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Overview

Comprehensive Description

Biology

Inhabits lower to middle river valleys as well as lakes. Found over rocks, sand, silt or mud. Feeds on benthic detritus, aquatic plants and invertebrates (Ref. 7335). Reported size in captivity to about 25 cm for males and 18 cm for females (Paul Stevens, pers. comm.).
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Distribution

Range Description

This restricted species is found in Mexico; in the basin of upper Rio Grijalva (Rio Grande de Chiapas), Chiapas. This river is severely fragmented because of damming.
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Grijalva River, Atlantic Slope of Mexico.
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Central America: Atlantic slope, in the Grijalva River basin, Mexico.
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Physical Description

Size

Maximum size: 250 mm SL
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Max. size

13.1 cm SL (male/unsexed; (Ref. 36377))
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Type Information

Paratype for Cichlasoma hartwegi Taylor & Miller
Catalog Number: USNM 219904
Collection: Smithsonian Institution, National Museum of Natural History, Department of Vertebrate Zoology, Division of Fishes
Collector(s): R. Miller & W. Sable
Year Collected: 1965
Locality: Mexico: Rio Grande De Chiapa, 1/2 mi. Above Bridge From Tuxtla Gutierrez To Chiapa De Corzo, Chiapas., Chiapas, Mexico, North America
  • Paratype: Taylor, J. N. & Miller, R. R. 1980. Occasional Papers of the Museum of Zoology, University of Michigan. No. 693: 8.
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Ecology

Habitat

Habitat and Ecology

Habitat and Ecology
V. hartwegi is a benthopelagic species that inhabits flowing streams and rivers as well as lakes, over rocks, sand, silt or mud. Vegetation is usually sparse, or absent. Young and juveniles congregate in backwaters (Miller 2005).

Systems
  • Freshwater
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Environment

benthopelagic; freshwater; pH range: 7.5; dH range: 33
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Trophic Strategy

Inhabits lower to middle river valleys as well as lakes. Found over rocks, sand, silt or mud. Feeds on benthic detritus, aquatic plants and invertebrates.
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Diseases and Parasites

Goezia Disease. Parasitic infestations (protozoa, worms, etc.)
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Diplostomum Infection. Parasitic infestations (protozoa, worms, etc.)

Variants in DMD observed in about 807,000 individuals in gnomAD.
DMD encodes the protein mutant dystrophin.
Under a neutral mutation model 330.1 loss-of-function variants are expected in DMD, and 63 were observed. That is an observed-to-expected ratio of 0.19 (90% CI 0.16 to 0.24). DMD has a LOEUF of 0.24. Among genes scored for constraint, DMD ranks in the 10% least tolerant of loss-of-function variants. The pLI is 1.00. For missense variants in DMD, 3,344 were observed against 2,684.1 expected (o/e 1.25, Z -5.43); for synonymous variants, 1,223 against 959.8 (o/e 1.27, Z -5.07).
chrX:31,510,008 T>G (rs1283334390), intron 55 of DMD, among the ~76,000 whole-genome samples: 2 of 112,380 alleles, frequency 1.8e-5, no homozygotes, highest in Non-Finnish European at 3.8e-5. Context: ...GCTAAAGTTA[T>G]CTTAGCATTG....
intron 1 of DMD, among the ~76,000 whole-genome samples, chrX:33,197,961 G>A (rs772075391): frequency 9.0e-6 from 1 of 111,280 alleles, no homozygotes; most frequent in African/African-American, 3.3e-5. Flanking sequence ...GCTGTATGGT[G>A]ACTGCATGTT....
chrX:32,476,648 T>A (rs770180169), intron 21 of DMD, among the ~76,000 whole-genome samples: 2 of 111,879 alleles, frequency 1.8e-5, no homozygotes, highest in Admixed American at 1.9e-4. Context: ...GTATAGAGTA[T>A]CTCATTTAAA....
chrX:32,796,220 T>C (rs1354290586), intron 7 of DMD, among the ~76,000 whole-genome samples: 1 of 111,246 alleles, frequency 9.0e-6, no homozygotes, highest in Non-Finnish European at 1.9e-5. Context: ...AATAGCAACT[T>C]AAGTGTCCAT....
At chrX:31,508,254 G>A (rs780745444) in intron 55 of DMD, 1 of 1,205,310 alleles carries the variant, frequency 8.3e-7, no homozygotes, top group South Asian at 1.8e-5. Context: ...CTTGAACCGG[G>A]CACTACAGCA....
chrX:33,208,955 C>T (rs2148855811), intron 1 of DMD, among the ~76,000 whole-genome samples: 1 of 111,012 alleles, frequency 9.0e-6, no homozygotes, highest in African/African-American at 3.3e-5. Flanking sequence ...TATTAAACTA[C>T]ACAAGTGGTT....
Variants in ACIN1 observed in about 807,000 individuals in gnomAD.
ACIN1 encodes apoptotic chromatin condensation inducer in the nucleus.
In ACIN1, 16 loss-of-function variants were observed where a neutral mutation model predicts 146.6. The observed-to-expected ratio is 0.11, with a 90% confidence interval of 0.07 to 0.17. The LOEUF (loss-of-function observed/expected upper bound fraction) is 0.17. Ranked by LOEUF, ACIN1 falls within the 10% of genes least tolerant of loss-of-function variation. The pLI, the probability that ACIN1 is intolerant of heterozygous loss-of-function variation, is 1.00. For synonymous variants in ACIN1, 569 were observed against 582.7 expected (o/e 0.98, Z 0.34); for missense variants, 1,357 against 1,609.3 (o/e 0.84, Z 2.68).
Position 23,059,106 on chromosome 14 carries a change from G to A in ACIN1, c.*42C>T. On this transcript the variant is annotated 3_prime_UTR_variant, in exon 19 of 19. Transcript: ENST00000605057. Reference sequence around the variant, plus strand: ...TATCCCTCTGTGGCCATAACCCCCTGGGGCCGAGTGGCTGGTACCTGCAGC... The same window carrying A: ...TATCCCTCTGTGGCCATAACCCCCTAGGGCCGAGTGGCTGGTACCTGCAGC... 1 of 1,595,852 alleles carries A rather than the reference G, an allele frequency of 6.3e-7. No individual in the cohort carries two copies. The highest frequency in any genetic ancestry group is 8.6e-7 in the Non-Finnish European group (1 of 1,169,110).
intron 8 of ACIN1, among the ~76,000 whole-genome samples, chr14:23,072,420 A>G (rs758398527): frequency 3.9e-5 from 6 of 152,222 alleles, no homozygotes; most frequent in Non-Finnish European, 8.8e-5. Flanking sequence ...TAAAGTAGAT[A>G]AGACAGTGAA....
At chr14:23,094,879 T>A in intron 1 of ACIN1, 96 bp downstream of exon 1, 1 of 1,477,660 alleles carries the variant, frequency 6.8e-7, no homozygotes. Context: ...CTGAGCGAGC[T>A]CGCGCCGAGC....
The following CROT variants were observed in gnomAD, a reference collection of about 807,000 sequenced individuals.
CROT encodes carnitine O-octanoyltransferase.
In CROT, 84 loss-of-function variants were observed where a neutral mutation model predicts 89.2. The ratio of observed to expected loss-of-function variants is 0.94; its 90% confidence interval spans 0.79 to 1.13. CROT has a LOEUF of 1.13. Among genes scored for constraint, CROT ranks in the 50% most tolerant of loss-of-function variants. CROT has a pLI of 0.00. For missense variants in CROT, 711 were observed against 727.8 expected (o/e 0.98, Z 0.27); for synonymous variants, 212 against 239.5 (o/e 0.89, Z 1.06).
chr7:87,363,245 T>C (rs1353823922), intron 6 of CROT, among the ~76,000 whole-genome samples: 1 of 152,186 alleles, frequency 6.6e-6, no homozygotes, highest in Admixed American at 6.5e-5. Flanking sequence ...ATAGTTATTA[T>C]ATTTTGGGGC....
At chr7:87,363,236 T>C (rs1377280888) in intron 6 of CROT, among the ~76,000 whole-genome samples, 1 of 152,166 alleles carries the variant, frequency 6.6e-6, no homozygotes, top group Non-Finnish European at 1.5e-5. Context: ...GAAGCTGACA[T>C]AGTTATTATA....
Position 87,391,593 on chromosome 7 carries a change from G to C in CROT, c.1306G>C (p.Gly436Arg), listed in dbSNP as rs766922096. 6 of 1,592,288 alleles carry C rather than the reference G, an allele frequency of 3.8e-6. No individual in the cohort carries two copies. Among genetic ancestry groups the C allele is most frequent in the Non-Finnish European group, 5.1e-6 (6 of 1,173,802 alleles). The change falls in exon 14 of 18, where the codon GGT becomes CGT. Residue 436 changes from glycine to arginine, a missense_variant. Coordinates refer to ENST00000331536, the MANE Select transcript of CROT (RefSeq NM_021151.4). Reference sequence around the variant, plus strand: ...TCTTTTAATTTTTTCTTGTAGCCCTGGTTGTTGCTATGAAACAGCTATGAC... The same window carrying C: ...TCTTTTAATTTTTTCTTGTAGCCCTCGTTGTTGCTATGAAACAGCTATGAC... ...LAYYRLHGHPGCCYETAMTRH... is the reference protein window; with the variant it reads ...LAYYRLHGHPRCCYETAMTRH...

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Crassicutis Infection. Parasitic infestations (protozoa, worms, etc.)
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Conservation

Conservation Status

IUCN Red List Assessment


Red List Category
VU
Vulnerable

Red List Criteria
A2ce; B1ab(ii,iii)

Version
3.1

Year Assessed
2009

Assessor/s
Snoeks, J., Laleye, P. & Contreras-MacBeath, T.

Reviewer/s
Collen, B., Darwall, W., Ram, M. & Smith, K. (SRLI Freshwater Fish Evaluation Workshop)

Contributor/s

Justification
This species has been assessed as Vulnerable. It is declining at a rate likely not more than 50% (as occupied areas probably not reduced by half) but more than 30% due to reduction in range and habitat quality, as well as the effects of introduced fish. Its distribution covers an area less than 20,000 km² which is severely fragmented, and still in decline.
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Population

Population
Was previously a common species.

Population Trend
Decreasing
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Threats

Major Threats
A series of dams have been built within the distribution of this species in the last 10 years. Apart from the dramatic habitat alteration caused by this (replacing rivers - the habitat of this species - with lakes, that are unsuitable for this species) and the resultant severe fragmentation of populations, it has drawn humans to the area and also increased pollution into the river system. Tilapia has also been present in the lakes since the 1970s or maybe early 1980s (though it does not do as well in the small rivers, where this species may more frequently be found).
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Vulnerable (VU) (A2ce; B1ab(ii,iii))
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Management

Conservation Actions

Conservation Actions
SEDESO (Secretaría de Desarrollo Social) listed the species as rare (Miller 2005).
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